Finally, I really liked the protagonist and the novel's namesake, Seraphina Dombegh. To be honest, I was a bit apprehensive because her name sounded like total Mary Sue fodder. And she's supposed to be a gifted musician. But I'm glad I put that train of thought aside, because Seraphina is pretty normal (well except the half-dragon part), she's not amazingly gorgeous, she's talented in music but not astonishing in much else, and she's kind of socially inept. I enjoyed reading about her and her journey, and even coming into terms with her feelings for the prince, Lucian.

I think I saw some people in GoodReads say that the romance was a bit rushed, which I agree with. Then again, this was based on the Middle Ages and they weren't particularly known for long courtships. Besides, I think getting into an all-out battle with dragons speeds up your realizations, haha. What's important to me is that Seraphina has a pretty good reason for liking Lucian, and not just cause "he's so hot omg".

Seraphina is actually the first in a trilogy (the second book comes out next year, urgh!). Nevertheless, it's not a loss to begin reading this book. I might re-read this sometime, but with medieval oud music playing in the background.

13. George Orwell - Animal Farm - *****

Tired of their servitude to man, a group of farm animals revolt and establish their own society, only to be betrayed into worse servitude by their leaders, the pigs, whose slogan becomes: “All animals are equal, but some animals are more equal than others.” Published in 1945, this powerful satire of the Russian Revolution under Stalin remains as vivid and relevant today as it was on its first publication
Aww man. I've been wanting to read this book since FOR-FREAKING-EVER. I really loved 1984 and I've always wanted to read Animal Farm, even though I knew what was going to happen. I found a copy of the book at work and I took it home to read on the bus.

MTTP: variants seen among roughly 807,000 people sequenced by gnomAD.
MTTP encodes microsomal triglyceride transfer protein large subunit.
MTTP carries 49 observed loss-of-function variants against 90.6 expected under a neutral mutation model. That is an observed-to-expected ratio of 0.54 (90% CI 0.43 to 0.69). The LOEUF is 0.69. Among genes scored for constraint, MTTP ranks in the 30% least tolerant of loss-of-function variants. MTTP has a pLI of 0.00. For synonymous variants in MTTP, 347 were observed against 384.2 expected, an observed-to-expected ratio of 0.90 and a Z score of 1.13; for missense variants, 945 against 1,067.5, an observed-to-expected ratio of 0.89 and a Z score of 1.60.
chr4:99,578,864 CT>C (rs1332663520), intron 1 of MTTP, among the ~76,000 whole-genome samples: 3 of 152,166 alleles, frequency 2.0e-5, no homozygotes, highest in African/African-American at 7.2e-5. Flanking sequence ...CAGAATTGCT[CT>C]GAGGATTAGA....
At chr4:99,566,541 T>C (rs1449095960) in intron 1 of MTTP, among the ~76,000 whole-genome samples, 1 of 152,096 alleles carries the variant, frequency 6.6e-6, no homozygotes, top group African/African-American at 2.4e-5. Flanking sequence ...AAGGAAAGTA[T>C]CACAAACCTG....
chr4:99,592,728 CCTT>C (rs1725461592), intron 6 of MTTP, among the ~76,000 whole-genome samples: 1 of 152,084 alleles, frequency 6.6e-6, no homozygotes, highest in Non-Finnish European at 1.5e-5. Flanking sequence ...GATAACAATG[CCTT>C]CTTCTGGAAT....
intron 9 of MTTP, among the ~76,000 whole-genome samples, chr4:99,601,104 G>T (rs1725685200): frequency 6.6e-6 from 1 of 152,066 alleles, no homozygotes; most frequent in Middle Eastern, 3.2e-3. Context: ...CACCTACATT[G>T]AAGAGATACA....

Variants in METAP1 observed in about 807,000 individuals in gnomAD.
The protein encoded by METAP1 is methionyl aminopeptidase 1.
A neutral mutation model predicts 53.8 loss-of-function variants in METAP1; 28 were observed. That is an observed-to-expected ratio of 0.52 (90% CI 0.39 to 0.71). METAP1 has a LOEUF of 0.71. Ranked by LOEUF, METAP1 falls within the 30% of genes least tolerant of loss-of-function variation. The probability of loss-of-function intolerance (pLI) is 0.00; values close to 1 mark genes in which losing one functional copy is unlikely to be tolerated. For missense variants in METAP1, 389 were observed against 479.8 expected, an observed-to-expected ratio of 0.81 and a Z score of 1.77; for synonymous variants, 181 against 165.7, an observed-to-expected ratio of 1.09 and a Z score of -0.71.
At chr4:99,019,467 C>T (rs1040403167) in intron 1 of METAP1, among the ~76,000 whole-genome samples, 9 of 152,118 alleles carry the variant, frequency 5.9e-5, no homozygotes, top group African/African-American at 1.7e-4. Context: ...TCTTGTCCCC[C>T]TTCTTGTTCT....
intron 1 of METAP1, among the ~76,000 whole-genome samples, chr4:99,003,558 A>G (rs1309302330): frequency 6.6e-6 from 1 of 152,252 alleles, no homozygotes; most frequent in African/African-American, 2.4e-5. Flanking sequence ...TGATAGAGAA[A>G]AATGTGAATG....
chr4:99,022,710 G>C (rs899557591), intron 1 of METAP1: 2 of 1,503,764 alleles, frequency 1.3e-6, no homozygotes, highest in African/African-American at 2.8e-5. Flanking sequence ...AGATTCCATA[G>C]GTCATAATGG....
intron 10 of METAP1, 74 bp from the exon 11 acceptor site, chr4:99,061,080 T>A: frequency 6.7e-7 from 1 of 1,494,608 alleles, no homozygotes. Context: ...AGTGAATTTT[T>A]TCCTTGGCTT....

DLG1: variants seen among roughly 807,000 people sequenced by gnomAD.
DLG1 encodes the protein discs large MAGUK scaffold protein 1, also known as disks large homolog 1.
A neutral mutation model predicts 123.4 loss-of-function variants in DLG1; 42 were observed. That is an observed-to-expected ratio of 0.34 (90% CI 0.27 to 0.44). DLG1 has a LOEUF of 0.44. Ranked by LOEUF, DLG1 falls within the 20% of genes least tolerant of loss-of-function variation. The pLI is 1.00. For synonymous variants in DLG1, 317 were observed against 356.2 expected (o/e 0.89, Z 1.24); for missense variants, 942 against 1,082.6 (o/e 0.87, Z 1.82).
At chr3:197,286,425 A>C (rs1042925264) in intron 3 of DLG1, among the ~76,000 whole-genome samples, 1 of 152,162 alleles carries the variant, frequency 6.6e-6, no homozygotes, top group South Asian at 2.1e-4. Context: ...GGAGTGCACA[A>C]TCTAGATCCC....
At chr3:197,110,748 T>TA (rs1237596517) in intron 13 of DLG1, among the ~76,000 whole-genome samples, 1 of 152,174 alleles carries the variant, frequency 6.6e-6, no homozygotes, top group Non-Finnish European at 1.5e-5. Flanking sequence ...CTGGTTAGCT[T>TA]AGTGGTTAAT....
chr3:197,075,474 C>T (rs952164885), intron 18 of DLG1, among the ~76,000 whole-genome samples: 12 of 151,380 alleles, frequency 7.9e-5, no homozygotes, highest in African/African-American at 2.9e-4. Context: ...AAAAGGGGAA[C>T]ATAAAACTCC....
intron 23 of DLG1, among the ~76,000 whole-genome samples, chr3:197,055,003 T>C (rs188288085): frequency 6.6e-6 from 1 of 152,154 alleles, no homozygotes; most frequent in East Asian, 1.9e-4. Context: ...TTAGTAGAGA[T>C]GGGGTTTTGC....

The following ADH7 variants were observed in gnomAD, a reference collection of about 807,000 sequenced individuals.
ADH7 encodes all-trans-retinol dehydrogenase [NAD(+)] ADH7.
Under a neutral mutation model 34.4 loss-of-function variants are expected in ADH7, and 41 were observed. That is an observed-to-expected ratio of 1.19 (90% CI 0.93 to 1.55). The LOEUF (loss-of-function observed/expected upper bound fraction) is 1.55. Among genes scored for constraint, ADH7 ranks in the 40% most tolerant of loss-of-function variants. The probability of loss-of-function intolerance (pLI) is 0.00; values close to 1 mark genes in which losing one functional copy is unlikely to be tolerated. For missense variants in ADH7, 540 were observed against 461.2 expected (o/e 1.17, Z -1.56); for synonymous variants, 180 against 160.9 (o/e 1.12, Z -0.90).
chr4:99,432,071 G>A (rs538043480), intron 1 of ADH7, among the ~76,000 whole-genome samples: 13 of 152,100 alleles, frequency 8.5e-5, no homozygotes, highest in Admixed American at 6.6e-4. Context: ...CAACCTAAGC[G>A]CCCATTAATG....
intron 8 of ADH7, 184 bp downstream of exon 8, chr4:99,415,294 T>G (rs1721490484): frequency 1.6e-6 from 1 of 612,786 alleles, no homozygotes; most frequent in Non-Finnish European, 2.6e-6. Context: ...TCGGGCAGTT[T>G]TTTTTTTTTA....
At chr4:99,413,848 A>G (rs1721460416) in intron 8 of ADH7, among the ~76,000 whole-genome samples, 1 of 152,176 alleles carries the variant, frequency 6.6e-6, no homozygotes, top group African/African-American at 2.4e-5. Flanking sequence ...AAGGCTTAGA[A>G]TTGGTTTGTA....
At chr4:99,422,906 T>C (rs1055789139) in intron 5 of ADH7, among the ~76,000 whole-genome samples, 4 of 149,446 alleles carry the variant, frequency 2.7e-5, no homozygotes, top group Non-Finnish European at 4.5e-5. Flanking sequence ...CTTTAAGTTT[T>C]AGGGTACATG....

Gosh darnit Orwell, why do you have to make this world such a hopeless place to live in! I remember finishing this in the bus, looking up at the sea of empty seats and thinking of how pointless my life really is. No, not really, but I did feel really intense while reading this novella. Which was strange, given that I basically knew what was going to happen. Orwell's language just adds to that hopelessness. I did think it was a bit too preachy and in-your-face. Like, you can't miss the comparisons between the political ongoings of his time to the Manor Farm. It could have been more subtle. But all in all, it was a great read. I'll probably buy a copy for myself.

14. Dorothy and Thomas Hobbler - The Ghost in the Tokaido Inn - ***

Samurai fear nothing, not even death. They are loyal and brave. Fourteen-year-old Seikei has studied the way of the samurai, and would like nothing more than to be one. But a samurai is born, not made; Seikei was born the son of a tea merchant, so a merchant he must be. But when a priceless ruby intended for the shogun-the military governor of Japan-is stolen by a ghost, Seikei finds himself having to display all the courage of a samurai. Seikei is the only person to have seen the thief, and now the famous magistrate, Judge Ooka, needs the boy's help to solve this mystery. Can the son of a merchant prove himself worthy to the shogun himself?

Confession: I have a tendency to take a look at/buy things that have anything to do with Japan. I am a weaboo, shoot me. I saw this book and was intrigued, especially with the premise of "the Japanese Sherlock Holmes". I honestly wasn't expecting much, seeing as it was a 9-12 book.

I was pleasantly surprised that I liked it! I managed to read it in just one sitting and had a good time. I like that the sleuthing wasn't the typical scenario where we figure out the culprit by the very end. Seikei and Judge Ooka already had a culprit in mind, and the problem was finding out how he did it. I also liked that it didn't woobiefy the perpetrator, and he got sentenced in the end.

I will try to find the other books in this novel! It'd be interesting to see how Seikei grows up.

AND THAT IS IT FOR MY MARCH READS! Gosh darnit! Now I'm going to have to write 2 more entries for April and May huhuhuhu. I'll definitely try to be less verbose in my upcoming reviews!